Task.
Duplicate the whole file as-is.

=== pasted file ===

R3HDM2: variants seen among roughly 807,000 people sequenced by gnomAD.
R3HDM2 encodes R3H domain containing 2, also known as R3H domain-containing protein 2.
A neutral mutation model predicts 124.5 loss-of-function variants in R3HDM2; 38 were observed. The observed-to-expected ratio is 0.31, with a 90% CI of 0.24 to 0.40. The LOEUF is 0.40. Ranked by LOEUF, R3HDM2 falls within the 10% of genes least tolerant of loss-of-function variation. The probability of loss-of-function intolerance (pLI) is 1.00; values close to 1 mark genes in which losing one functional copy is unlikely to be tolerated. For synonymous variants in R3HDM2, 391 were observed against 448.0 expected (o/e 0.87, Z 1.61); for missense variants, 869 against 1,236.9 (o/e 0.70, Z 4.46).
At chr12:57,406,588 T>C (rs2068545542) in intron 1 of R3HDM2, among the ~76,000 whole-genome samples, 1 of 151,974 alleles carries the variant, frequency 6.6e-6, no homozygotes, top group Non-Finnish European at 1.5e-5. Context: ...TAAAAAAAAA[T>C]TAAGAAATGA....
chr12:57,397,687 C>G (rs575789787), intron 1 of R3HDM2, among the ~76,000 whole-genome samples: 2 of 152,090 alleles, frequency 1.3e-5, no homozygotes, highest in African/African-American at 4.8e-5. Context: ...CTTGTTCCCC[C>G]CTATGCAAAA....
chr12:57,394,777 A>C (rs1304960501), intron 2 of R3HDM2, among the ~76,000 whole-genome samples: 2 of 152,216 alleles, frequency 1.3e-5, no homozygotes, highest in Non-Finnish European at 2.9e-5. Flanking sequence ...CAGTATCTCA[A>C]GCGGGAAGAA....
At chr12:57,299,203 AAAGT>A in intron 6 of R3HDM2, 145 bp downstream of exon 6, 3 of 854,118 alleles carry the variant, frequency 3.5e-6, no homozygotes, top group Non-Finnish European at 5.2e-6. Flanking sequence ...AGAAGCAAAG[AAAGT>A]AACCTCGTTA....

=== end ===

R3HDM2: variants seen among roughly 807,000 people sequenced by gnomAD.
R3HDM2 encodes R3H domain containing 2, also known as R3H domain-containing protein 2.
A neutral mutation model predicts 124.5 loss-of-function variants in R3HDM2; 38 were observed. The observed-to-expected ratio is 0.31, with a 90% CI of 0.24 to 0.40. The LOEUF is 0.40. Ranked by LOEUF, R3HDM2 falls within the 10% of genes least tolerant of loss-of-function variation. The probability of loss-of-function intolerance (pLI) is 1.00; values close to 1 mark genes in which losing one functional copy is unlikely to be tolerated. For synonymous variants in R3HDM2, 391 were observed against 448.0 expected (o/e 0.87, Z 1.61); for missense variants, 869 against 1,236.9 (o/e 0.70, Z 4.46).
At chr12:57,406,588 T>C (rs2068545542) in intron 1 of R3HDM2, among the ~76,000 whole-genome samples, 1 of 151,974 alleles carries the variant, frequency 6.6e-6, no homozygotes, top group Non-Finnish European at 1.5e-5. Context: ...TAAAAAAAAA[T>C]TAAGAAATGA....
chr12:57,397,687 C>G (rs575789787), intron 1 of R3HDM2, among the ~76,000 whole-genome samples: 2 of 152,090 alleles, frequency 1.3e-5, no homozygotes, highest in African/African-American at 4.8e-5. Context: ...CTTGTTCCCC[C>G]CTATGCAAAA....
chr12:57,394,777 A>C (rs1304960501), intron 2 of R3HDM2, among the ~76,000 whole-genome samples: 2 of 152,216 alleles, frequency 1.3e-5, no homozygotes, highest in Non-Finnish European at 2.9e-5. Flanking sequence ...CAGTATCTCA[A>C]GCGGGAAGAA....
At chr12:57,299,203 AAAGT>A in intron 6 of R3HDM2, 145 bp downstream of exon 6, 3 of 854,118 alleles carry the variant, frequency 3.5e-6, no homozygotes, top group Non-Finnish European at 5.2e-6. Flanking sequence ...AGAAGCAAAG[AAAGT>A]AACCTCGTTA....